Monday, December 22, 2003

Let There Be Lights

I'll admit it: I'm a Christmas light fanatic. While some may say that exquisite lighting displays are simply a symbol of the over-commercialism of Christmas (this goes all the way back to, oh, Snoopy's doghouse in A Charlie Brown Christmas), I think it's great. I love driving through some of those "showcase" neighborhoods and being bathed in the colors of the season. To me, it doesn't symbolize commercialism at all, but rather it's an earthly manifestation of the Light whose entry into the world we celebrate. Oh, and it just plain looks cool too...

I have my favorite places in D/FW, of course--some of which I visit every year no matter what, and some of which I mean to visit but don't always get around to doing. Here are Kev's Top Three in the area, plus a few other places of note:

1) DEERFIELD (Plano): This is one of those neighborhoods where almost everyone participates; even those who don't celebrate Christmas will have up little menorahs or what-not. Like all good light-show neighborhoods, this one has lots of cul-de-sacs so that traffic can move smoothly without turning around in the middle of the street. They also have horse carriages for hire, and the area is a prime spot for limo tours as well. (I caught this one last night.)

2) SPRING PARK (Garland): This one not only has lots of cul-de-sacs, but it also has "theme streets" where everyone does things like Elvis, 'Twas The Night Before Christmas, the Grinch, etc. Last year I finally figured out how to traverse the entire neighborhood without having to double back... (I'm going there when I get back from Houston this year.)

3) INTERLOCHEN (Arlington): This is not that far from Six Flags, and there's a similarity between them: along the road leading to Interlochen, there are signs saying how long the wait is from whatever point you're at, just like the line for the Batman or something. The bonus of this neighborhood is that two of the streets back up to a canal, so they not only do their front yards but also their backyards all the way down to the water. During peak times, they have cops directing traffic, roads coned off, and little sidewalk lemonade or hot chocolate stands (depending upon the weather) for thirsty viewers. (I get there every few years or so.)

There are also a couple of individual places worth noting: a house on DOGWOOD TRAIL in Rowlett that is totally awesome, but it has so much neon, it's a wonder how the neighbors sleep (there must be a 'light curfew' or something), and a house near HEBRON PKWY. and SIERRA in Carrollton that has a Santa-copter on the roof and a full-blown Santa's workshop in the garage, plus several window dioramas.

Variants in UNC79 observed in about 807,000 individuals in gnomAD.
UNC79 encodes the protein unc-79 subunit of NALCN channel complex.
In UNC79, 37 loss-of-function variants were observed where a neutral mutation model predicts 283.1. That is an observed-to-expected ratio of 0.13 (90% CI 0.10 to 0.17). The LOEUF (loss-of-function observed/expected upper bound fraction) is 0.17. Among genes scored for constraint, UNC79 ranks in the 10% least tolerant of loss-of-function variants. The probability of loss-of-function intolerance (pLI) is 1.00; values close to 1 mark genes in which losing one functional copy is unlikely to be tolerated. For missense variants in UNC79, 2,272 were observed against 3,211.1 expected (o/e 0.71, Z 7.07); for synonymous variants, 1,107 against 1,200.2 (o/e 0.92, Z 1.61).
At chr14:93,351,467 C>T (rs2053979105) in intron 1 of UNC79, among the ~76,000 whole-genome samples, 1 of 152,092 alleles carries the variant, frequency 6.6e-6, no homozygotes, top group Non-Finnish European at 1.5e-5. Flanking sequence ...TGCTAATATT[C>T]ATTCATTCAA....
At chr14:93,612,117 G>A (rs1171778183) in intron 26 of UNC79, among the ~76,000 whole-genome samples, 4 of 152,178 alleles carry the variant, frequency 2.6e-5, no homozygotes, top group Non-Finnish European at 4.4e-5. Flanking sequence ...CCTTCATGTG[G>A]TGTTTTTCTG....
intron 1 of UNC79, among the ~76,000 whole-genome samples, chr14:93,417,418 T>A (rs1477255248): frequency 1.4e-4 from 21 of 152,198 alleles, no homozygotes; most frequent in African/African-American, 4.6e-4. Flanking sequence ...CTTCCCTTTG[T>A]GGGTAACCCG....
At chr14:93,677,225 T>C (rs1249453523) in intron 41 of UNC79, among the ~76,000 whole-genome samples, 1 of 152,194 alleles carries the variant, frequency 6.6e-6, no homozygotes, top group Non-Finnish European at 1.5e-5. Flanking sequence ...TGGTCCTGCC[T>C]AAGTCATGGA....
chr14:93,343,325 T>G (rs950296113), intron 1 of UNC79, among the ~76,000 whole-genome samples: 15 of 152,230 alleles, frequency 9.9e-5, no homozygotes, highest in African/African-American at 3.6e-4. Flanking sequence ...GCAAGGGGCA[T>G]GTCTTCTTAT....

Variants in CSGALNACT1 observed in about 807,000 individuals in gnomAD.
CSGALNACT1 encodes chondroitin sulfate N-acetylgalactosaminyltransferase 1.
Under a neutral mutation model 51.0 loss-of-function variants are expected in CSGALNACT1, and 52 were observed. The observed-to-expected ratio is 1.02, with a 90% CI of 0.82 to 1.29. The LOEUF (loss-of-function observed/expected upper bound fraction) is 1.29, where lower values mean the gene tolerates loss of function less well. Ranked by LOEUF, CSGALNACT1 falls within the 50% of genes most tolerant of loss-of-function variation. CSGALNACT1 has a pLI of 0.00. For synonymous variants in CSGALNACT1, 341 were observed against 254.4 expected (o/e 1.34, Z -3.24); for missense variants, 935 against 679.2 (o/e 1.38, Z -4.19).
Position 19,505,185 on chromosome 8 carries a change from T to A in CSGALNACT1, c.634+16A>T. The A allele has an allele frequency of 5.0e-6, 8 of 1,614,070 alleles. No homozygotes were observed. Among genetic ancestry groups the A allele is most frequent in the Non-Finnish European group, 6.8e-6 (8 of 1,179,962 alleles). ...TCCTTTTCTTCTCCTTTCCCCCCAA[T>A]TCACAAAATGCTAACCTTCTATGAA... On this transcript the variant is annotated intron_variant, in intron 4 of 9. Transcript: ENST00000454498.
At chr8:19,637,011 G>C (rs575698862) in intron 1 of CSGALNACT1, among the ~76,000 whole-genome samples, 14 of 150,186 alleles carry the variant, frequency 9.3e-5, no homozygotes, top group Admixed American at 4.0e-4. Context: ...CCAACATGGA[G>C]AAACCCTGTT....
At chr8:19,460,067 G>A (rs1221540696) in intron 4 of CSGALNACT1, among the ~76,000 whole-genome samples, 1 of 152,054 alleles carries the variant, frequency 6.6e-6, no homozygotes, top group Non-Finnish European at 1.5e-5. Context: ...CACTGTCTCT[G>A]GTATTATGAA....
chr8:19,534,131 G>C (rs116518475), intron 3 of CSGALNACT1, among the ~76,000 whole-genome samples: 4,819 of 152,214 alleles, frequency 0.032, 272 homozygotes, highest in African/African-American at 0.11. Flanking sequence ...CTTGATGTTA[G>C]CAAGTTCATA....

One thing these places all have in common is that they're in really nice neighborhoods also. I like gawking at the houses apart from the lights; maybe some Christmas I need to go to Fairview, which I wrote about in the early days of this blog.

Anyone have any local sites I missed? Use the comment section below.

Oh, and despite my love of lights, my own lights didn't get up until this morning *sigh*. It was a combination of too busy, too dark when I wasn't busy, too rainy when I wasn't busy and it wasn't dark, and too busy. But at least they're up and I won't be a "Scrooge" anymore (my term for the people in those showcase neighborhoods who don't have any lights going).

I'll be in Houston (Sugar Land to be precise) for the next few days, but I'll have full computer access and will post a few "Live from..." entries while I'm there.

THIS IS WEIRD: I've never had my teaching music follow me around like this, but tonight in Chick-Fil-A, I heard snippets of two tunes in a row that people are playing for Solo & Ensemble: the Pachelbel Canon (a.k.a. the "Taco Bell Canon"--another story for another time) and the Troika from Lt. Kije Suite. They weren't the originals--they had pop songs written around them--but the classical pieces were still very apparent.

THE ELECTRIC SLIDE? You have to see this clip of a dancing trombone player; it's totally hilarious (even if he fracks the last note). I wonder if Fizban is jealous that the guy whose site this came from claims to have "the first bass bone blog on the planet."

AND NOW, A LOOK AT THE WEATHER: It was the first day of winter in Texas, but you couldn't tell at first...and then you definitely knew later.

1:00 p.m.: 70 degrees, sunshine
8:00 p.m.: 54 degrees, nasty north wind, big lightning clouds off to the east.

How do we ever know how to dress here? We sometimes go through several entire seasons in a single day. I think Demon Matt may have a point with his hoodie-and-flip-flops motif; at least he's 50% right all of the time...

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